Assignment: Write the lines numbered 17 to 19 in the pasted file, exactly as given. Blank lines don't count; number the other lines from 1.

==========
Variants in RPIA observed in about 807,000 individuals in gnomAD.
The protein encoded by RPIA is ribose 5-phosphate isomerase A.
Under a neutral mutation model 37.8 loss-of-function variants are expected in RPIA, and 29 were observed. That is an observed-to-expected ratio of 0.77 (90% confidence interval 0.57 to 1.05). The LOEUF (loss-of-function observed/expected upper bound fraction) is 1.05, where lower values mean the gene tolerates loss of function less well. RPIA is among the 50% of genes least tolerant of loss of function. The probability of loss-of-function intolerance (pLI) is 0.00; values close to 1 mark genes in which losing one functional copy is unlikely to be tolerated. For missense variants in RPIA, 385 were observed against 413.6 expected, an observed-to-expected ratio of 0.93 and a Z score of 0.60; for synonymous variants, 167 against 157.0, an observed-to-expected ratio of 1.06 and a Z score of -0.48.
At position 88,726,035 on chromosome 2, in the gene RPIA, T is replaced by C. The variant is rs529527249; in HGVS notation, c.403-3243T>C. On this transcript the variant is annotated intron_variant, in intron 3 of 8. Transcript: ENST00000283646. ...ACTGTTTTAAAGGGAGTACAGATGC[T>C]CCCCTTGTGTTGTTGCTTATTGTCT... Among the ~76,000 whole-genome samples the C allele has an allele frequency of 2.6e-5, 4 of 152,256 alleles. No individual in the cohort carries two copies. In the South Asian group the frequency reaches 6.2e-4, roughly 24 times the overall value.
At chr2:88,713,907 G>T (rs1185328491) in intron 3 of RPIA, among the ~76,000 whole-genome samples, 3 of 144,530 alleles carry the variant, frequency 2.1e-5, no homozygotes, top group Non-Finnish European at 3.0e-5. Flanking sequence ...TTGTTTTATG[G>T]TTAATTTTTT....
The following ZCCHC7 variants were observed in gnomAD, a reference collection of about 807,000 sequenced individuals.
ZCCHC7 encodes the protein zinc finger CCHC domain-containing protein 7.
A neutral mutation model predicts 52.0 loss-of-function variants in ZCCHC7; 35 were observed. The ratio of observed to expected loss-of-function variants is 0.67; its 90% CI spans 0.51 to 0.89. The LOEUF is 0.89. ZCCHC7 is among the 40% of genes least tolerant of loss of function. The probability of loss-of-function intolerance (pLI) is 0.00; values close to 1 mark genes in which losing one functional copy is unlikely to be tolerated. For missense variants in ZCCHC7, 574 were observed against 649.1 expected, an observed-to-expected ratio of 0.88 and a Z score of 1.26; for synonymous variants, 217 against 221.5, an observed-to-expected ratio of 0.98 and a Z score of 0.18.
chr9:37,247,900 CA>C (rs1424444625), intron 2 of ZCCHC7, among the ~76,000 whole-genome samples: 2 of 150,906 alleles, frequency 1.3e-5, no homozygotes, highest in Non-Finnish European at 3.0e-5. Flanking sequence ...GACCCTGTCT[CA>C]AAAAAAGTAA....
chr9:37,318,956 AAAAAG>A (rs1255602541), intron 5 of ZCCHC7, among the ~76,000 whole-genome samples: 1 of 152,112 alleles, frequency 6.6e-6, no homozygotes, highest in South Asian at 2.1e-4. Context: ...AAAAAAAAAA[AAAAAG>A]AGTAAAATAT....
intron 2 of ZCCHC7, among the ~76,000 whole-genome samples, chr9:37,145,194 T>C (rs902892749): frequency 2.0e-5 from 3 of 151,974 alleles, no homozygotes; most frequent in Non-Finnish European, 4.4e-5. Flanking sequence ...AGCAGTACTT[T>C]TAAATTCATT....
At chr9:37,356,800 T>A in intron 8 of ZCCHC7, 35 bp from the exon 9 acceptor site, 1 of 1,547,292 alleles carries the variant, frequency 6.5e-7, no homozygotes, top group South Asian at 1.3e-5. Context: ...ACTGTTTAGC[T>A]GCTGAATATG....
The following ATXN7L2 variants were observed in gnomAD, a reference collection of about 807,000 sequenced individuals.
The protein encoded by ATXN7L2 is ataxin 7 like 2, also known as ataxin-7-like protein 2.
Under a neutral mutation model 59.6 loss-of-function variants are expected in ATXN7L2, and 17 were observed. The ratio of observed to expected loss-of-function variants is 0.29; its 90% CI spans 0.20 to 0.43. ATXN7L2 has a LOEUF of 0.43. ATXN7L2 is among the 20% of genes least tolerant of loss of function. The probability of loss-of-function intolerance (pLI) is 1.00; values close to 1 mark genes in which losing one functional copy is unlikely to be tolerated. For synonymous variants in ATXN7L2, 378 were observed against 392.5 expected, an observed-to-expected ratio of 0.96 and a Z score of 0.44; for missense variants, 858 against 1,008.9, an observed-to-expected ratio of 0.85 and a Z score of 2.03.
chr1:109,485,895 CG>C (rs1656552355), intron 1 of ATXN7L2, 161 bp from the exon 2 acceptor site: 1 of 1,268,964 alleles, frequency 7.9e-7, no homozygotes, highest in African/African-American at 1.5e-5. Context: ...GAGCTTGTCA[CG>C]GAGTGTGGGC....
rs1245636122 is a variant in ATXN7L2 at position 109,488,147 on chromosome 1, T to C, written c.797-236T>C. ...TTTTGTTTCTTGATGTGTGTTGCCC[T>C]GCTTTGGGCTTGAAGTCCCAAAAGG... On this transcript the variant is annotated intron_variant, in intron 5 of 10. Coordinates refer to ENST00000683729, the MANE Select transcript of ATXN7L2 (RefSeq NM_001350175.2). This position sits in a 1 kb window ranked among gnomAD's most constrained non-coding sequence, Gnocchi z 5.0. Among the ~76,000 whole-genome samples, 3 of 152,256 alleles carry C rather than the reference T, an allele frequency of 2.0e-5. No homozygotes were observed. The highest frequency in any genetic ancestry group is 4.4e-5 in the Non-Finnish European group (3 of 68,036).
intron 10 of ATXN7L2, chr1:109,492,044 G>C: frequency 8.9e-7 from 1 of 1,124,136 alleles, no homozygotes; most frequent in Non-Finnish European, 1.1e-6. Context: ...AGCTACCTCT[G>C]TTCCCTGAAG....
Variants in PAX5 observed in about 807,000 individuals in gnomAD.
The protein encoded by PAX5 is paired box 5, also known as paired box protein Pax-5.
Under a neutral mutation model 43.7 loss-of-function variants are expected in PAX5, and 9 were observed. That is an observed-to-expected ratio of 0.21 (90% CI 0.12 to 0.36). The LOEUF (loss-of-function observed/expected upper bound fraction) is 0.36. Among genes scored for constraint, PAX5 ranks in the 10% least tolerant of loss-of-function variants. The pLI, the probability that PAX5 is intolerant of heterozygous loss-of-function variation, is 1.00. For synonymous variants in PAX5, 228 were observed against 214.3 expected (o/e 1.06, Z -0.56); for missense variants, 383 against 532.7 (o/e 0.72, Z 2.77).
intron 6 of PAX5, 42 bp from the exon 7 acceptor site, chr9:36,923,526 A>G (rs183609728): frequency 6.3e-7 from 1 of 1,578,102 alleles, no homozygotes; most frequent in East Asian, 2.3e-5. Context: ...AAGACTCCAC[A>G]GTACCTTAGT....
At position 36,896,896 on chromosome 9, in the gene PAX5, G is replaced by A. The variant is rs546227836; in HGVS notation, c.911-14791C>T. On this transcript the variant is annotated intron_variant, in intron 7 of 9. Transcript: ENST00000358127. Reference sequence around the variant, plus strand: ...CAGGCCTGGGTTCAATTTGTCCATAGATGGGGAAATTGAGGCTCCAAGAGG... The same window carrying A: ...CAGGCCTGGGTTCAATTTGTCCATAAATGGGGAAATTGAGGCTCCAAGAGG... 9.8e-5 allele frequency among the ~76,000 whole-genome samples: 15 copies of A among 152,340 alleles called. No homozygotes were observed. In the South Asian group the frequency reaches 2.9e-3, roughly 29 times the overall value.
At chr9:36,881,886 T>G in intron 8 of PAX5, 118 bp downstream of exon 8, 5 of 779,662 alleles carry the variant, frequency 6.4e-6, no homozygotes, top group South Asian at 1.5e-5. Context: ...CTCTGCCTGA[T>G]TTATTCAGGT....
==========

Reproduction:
rs1245636122 is a variant in ATXN7L2 at position 109,488,147 on chromosome 1, T to C, written c.797-236T>C. ...TTTTGTTTCTTGATGTGTGTTGCCC[T>C]GCTTTGGGCTTGAAGTCCCAAAAGG... On this transcript the variant is annotated intron_variant, in intron 5 of 10. Coordinates refer to ENST00000683729, the MANE Select transcript of ATXN7L2 (RefSeq NM_001350175.2). This position sits in a 1 kb window ranked among gnomAD's most constrained non-coding sequence, Gnocchi z 5.0. Among the ~76,000 whole-genome samples, 3 of 152,256 alleles carry C rather than the reference T, an allele frequency of 2.0e-5. No homozygotes were observed. The highest frequency in any genetic ancestry group is 4.4e-5 in the Non-Finnish European group (3 of 68,036).
intron 10 of ATXN7L2, chr1:109,492,044 G>C: frequency 8.9e-7 from 1 of 1,124,136 alleles, no homozygotes; most frequent in Non-Finnish European, 1.1e-6. Context: ...AGCTACCTCT[G>C]TTCCCTGAAG....
Variants in PAX5 observed in about 807,000 individuals in gnomAD.